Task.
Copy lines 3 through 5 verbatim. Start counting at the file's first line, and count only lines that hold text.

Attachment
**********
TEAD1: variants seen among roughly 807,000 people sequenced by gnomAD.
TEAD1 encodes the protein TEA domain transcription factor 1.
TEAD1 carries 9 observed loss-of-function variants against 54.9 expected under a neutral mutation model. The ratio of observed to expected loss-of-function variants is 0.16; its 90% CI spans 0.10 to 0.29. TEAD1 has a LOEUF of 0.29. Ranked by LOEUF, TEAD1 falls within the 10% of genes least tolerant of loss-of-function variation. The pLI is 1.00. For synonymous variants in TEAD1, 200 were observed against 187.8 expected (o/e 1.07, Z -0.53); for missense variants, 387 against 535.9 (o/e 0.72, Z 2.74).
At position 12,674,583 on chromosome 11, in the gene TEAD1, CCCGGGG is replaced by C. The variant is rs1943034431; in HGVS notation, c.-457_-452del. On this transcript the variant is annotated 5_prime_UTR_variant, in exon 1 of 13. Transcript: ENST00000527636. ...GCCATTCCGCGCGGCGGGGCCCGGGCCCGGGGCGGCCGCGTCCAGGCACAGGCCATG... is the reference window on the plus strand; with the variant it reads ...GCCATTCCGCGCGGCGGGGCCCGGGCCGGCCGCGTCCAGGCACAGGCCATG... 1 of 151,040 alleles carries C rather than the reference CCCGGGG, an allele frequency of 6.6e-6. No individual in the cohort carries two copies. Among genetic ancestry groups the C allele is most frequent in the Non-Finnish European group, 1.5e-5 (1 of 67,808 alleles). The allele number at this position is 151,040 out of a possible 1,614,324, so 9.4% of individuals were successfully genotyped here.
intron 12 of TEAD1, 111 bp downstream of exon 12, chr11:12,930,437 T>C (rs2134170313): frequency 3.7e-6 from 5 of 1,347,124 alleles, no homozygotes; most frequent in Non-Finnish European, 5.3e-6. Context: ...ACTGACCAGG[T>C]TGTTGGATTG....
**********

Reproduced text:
TEAD1 carries 9 observed loss-of-function variants against 54.9 expected under a neutral mutation model. The ratio of observed to expected loss-of-function variants is 0.16; its 90% CI spans 0.10 to 0.29. TEAD1 has a LOEUF of 0.29. Ranked by LOEUF, TEAD1 falls within the 10% of genes least tolerant of loss-of-function variation. The pLI is 1.00. For synonymous variants in TEAD1, 200 were observed against 187.8 expected (o/e 1.07, Z -0.53); for missense variants, 387 against 535.9 (o/e 0.72, Z 2.74).
At position 12,674,583 on chromosome 11, in the gene TEAD1, CCCGGGG is replaced by C. The variant is rs1943034431; in HGVS notation, c.-457_-452del. On this transcript the variant is annotated 5_prime_UTR_variant, in exon 1 of 13. Transcript: ENST00000527636. ...GCCATTCCGCGCGGCGGGGCCCGGGCCCGGGGCGGCCGCGTCCAGGCACAGGCCATG... is the reference window on the plus strand; with the variant it reads ...GCCATTCCGCGCGGCGGGGCCCGGGCCGGCCGCGTCCAGGCACAGGCCATG... 1 of 151,040 alleles carries C rather than the reference CCCGGGG, an allele frequency of 6.6e-6. No individual in the cohort carries two copies. Among genetic ancestry groups the C allele is most frequent in the Non-Finnish European group, 1.5e-5 (1 of 67,808 alleles). The allele number at this position is 151,040 out of a possible 1,614,324, so 9.4% of individuals were successfully genotyped here.
intron 12 of TEAD1, 111 bp downstream of exon 12, chr11:12,930,437 T>C (rs2134170313): frequency 3.7e-6 from 5 of 1,347,124 alleles, no homozygotes; most frequent in Non-Finnish European, 5.3e-6. Context: ...ACTGACCAGG[T>C]TGTTGGATTG....